Strangely enough the next day was more of the same with me walking with a dog from the Iglesia de San Juan in Hospital until Alto do Poio where he gave me a look at turned around and lumbered home back down where we came from.

I could have used his protection when I was in O'Cebreiro in 2012, which was the only place, on a main thoroughfare in the village itself, in which I was threatened by a large dog, who clearly did not want me walking on his turf.
 

Harington

una abuelita inglés
Camino(s) past & future
Vézelay/Francés 2011, Primitivo 2012, VdlP 2013, Via Domitia 2014, Inglés 2015, Francigena 2016
#15
Slight segue of topic. I had a few interesting experiences of being accompanied for a few km where no matter how hard I encouraged a couple of dogs to go home or not accompany me they would not. As much as I hate to admit it, being joined by furry escorts ascending and descending O'Cebreiro really moved me. I love dogs but it really did concern me that they joined me.

Climbing I was joined by the largest German Shepard I have ever encountered just outside of Las Herrerias. Thankfully he was friendly, honestly when he trotted up I assumed I was to be his meal but for some reason he was incredibly protective of me with some other large loose dogs in the villages of the ascent. My biggest concern was that a local farmer might pepper me/him with buckshot. As soon as we arrived in O'Cebreiro he gave me a look of satisfaction and scooted. I inquired about him with the docent in Iglesia when I arrived and she told me his name was Leon and that he often escorts pilgrims and then returns home. Anybody else see Leon "la guardia espalda de peregrinos"?

Strangely enough the next day was more of the same with me walking with a dog from the Iglesia de San Juan in Hospital until Alto do Poio where he gave me a look at turned around and lumbered home back down where we came from.

Just St James in another of his disguises, perhaps?
 
Camino(s) past & future
Primitivo June 2013
SJPP - Logroño June 2014
Ingles July2016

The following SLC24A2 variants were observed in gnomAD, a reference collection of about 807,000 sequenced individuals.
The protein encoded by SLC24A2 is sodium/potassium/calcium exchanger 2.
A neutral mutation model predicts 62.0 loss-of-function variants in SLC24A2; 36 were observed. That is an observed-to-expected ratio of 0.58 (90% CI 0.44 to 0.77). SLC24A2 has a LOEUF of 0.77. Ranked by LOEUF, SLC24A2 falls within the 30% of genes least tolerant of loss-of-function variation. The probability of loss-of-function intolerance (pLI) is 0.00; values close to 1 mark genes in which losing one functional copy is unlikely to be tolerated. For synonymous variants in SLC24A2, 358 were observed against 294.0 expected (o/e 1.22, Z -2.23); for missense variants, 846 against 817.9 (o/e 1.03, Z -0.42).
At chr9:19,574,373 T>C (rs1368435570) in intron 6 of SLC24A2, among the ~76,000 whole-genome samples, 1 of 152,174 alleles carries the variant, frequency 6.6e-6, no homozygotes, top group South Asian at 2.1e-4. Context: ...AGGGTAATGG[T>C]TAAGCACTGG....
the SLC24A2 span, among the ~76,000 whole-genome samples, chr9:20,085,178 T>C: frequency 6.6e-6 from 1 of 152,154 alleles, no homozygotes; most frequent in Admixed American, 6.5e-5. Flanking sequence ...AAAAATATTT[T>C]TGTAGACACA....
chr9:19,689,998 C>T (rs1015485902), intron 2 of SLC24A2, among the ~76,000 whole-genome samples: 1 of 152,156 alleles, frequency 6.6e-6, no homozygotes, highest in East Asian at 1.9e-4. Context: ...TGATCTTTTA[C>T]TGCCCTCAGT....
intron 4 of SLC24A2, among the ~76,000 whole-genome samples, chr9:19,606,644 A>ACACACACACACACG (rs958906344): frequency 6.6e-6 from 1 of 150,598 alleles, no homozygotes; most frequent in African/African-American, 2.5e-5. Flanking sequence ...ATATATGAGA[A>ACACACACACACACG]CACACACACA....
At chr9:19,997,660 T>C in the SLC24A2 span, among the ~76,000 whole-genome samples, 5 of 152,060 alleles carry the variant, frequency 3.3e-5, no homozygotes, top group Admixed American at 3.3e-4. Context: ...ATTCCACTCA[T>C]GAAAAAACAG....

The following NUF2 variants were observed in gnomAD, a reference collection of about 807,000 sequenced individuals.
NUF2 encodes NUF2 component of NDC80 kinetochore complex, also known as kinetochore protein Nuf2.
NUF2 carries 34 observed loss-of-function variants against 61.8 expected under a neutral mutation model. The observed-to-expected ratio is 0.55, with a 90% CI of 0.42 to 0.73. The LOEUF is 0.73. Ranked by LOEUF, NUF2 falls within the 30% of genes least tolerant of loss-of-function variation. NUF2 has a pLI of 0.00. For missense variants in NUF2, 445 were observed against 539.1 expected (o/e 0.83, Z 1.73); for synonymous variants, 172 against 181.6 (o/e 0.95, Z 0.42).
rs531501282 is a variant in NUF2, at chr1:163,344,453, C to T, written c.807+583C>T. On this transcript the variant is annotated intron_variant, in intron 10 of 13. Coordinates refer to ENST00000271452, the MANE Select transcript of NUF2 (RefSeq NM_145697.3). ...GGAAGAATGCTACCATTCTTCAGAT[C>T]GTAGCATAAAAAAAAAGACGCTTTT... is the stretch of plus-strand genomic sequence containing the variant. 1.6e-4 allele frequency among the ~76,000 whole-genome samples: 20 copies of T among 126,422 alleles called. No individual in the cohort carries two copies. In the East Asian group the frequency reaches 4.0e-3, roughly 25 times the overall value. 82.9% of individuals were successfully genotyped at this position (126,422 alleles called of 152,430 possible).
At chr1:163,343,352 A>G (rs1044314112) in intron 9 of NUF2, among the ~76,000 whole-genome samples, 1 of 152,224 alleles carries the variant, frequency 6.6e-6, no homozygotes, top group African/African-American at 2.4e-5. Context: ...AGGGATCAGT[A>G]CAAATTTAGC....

#16
This reminds me of something funny that happened when we were getting close to Santiago in 2015. We had stayed the night in Salceda, in the "albergue turistico" which is a few hundred metres off the Camino in a tiny hamlet on the other side of the N547. As we were leaving in the morning a small dog appeared and started trotting alongside us. Oh no. "A casa", we said. "No! " we said. We tried ignoring him, pointing back the way he had come, but on he trotted. We were about to turn around and try to take him home when he stopped. Just stopped trotting and stood, while we walked on. We realised we had reached the last house in the village. He wasn't following us - he was seeing us out of his territory! We waved goodbye and continued on.
In Galicia, when we don't want a dog to follow us, we say (loud) "Pasa de ahí can".
 
Camino(s) past & future
2018 CF Jan-Feb, Roncesvalles - SdC - Muxia - Fisterra
#17
Just St James in another of his disguises, perhaps?
The mind begins to think all manner of things when you are alone, tired and suddenly joined by a furry friend. The stages of:
1. "I'm going to be eaten"
2. "You need to go home"
3. "This is amazing, I have a new dog!"
4. And then finally with a happiness and a touch of sadness, "...oh....the dog just has a new pilgrim".
 
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Camino(s) past & future
2018 CF Jan-Feb, Roncesvalles - SdC - Muxia - Fisterra
#18
...We realised we had reached the last house in the village. He wasn't following us - he was seeing us out of his territory! We waved goodbye and continued on.
I could have used his protection when I was in O'Cebreiro in 2012, which was the only place, on a main thoroughfare in the village itself, in which I was threatened by a large dog, who clearly did not want me walking on his turf.
As I was ascending, just before the rather steep yet short section before La Faba, Leon my furry "guardiaespalda" took off in a field and I thought our brief encounter had ended. After getting through the steep stuff I needed to use the tree facilities. Just as I concluded I was startled as I turned around to find directly behind me...just staring at me. We shuffled by each other in the trees like folks waiting for a lavatory on a crowded airplane as he walked to the tree, looked at me and then marked it. The satisfaction that appeared on his furry face of "fixed" and "these are mine" still gives me a chuckle!

Karl, I wonder if one of the dogs you encountered was one of the ones loose that Leon almost took a chunk out of in and sent fleeing La Faba. It was amazing and frightening to see him as we entered a village, he was clearly the dog to be reckoned with. He didn't care about dogs in general but if they were aggressive and barking he doubled down. In La Laguna it appeared like he was going leap over a short fence to get the two gnashing dogs on the other side. As soon as he got to the fence he did a couple of pogo-stick-bounces and shined his intent they retreated quickly into a barn space. I considered documenting all this briefly with a photo or video until I realized I really didn't want to see or be involved in anything potentially horrific nor be attacked by a villager. But reflecting on the videos and pictures of us wandering together still bring me joy and curiosity.
 
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volleyjanice

Active Member
Camino(s) past & future
08/2013 St. Jean Pied de Port-Belorado, 08/2015 Burgos- Santiago/Finisterre/Muxia, 08/18 Portugese
#19